Special thanks to Eagle-Eye Nye for providing his time and expertise in responding to your questions!
Q. We are anxious to locate a nationwide list of "viewing sites" for Bald Eagles. Can you please refer us to the best list(s) of sites possible? Charles
A. Hi Charles, There are numerous great places to view bald eagles around the country ! Alaska would have to top my list, Southeast Alaska in particular, but also a place there called the Kenai penninsula. I think by far, the most premier place to watch eagles in the fall and early winter, is the Chilkat Valley in Haines, Alaska, where thousands of eagles concentrate each fall to feed on stranded fish. Suggest you contact the State of Alaska or the US Fish and Wildlife Service in Juneau, Alaska. Check the web site for contacts.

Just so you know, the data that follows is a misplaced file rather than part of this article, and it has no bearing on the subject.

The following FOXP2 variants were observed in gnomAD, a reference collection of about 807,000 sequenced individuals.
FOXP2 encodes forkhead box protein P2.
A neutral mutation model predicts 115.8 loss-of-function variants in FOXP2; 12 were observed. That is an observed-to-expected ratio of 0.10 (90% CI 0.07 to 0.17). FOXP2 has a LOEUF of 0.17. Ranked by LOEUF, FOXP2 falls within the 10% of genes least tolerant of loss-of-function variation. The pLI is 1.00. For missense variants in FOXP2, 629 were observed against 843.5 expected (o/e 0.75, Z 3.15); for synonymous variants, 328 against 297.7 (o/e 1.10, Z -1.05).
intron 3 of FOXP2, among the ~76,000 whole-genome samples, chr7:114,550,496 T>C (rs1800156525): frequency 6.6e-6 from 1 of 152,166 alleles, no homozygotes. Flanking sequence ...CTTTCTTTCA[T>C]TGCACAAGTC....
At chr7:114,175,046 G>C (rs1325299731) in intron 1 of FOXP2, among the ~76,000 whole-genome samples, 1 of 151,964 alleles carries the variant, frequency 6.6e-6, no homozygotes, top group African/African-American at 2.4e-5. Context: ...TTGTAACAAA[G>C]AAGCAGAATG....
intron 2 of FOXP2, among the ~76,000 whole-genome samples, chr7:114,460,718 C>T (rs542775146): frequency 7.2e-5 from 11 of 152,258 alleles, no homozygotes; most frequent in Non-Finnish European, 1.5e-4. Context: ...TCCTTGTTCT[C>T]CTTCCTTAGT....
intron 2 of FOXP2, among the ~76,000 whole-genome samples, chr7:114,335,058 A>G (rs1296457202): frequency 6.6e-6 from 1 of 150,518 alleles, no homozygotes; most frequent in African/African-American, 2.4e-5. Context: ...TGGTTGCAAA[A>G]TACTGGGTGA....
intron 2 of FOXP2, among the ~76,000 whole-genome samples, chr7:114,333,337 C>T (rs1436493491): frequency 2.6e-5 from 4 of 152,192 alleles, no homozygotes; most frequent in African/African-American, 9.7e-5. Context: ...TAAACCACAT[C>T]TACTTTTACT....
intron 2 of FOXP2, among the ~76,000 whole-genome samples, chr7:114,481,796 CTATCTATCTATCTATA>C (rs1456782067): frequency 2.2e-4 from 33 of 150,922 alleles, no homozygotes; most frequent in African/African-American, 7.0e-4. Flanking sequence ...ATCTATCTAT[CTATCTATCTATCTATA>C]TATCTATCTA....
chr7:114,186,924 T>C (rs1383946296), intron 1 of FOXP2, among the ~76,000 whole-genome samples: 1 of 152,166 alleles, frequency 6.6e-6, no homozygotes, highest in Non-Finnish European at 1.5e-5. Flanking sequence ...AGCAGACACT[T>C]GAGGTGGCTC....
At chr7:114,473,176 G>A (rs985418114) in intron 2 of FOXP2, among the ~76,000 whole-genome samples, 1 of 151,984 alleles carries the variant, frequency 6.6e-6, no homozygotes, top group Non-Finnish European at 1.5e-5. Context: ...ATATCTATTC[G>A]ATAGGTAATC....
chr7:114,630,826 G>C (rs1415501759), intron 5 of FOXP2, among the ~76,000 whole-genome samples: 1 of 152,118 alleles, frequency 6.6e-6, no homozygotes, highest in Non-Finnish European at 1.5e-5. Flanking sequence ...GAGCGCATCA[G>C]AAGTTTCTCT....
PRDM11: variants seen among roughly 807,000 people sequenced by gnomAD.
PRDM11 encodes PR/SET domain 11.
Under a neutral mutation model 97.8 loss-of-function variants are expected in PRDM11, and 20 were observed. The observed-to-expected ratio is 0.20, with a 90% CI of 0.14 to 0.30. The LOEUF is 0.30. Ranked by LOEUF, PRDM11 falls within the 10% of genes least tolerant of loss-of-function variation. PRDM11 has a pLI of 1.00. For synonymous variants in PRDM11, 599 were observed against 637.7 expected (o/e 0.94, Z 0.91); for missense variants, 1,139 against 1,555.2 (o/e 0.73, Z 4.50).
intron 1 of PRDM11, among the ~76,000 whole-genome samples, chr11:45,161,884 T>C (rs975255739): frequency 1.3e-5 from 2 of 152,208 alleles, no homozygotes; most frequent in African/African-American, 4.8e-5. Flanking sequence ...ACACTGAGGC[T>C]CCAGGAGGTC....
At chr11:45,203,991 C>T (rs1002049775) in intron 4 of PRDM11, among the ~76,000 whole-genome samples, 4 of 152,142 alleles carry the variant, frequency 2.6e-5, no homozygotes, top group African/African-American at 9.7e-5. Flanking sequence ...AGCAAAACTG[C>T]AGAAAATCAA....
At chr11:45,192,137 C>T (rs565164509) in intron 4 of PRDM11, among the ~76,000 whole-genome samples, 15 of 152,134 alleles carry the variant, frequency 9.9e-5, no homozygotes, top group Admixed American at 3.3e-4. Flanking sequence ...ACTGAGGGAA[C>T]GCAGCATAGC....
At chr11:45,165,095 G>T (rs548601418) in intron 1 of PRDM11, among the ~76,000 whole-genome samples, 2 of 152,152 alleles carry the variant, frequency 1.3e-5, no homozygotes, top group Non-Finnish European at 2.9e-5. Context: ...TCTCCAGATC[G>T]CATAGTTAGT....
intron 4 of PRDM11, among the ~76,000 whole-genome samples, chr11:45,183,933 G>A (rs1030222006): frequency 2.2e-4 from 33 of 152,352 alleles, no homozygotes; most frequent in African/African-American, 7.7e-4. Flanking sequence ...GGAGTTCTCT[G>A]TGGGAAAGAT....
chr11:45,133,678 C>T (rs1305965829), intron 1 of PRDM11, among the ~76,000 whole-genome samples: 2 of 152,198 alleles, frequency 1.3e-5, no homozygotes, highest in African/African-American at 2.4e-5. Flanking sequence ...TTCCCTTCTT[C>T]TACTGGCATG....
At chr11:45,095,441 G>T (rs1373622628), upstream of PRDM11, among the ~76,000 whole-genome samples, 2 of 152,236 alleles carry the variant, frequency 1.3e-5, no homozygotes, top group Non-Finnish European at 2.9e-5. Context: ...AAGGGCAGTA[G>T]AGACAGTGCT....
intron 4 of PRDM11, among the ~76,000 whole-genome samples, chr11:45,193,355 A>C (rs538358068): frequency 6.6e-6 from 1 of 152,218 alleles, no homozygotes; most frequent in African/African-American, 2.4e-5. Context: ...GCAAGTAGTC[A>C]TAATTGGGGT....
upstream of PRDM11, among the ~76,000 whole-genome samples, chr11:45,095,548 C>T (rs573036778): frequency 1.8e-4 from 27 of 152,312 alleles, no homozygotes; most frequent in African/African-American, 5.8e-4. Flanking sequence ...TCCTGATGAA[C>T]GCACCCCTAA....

The Klamath basin in Oregon is a spectacular place to observe wintering eagles leaving their roost and flying to their feeding areas. Again, contact the State of Oregon (Fish and Wildlife or DNR) or the Fish and Wildlife Service.
Finally, we in New York have several bald eagle viewing sites set up specifically to watch bald eagles, both winter and summer, including a public viewing blind at one site where hundreds of eagles gather each winter in southern NY, in an area where some of our eagles are captured for tracking each winter, such as E/63 this winter! Check out our web site I don't know where you live, but check with your local Fish and Wildlife Agency also. Have fun!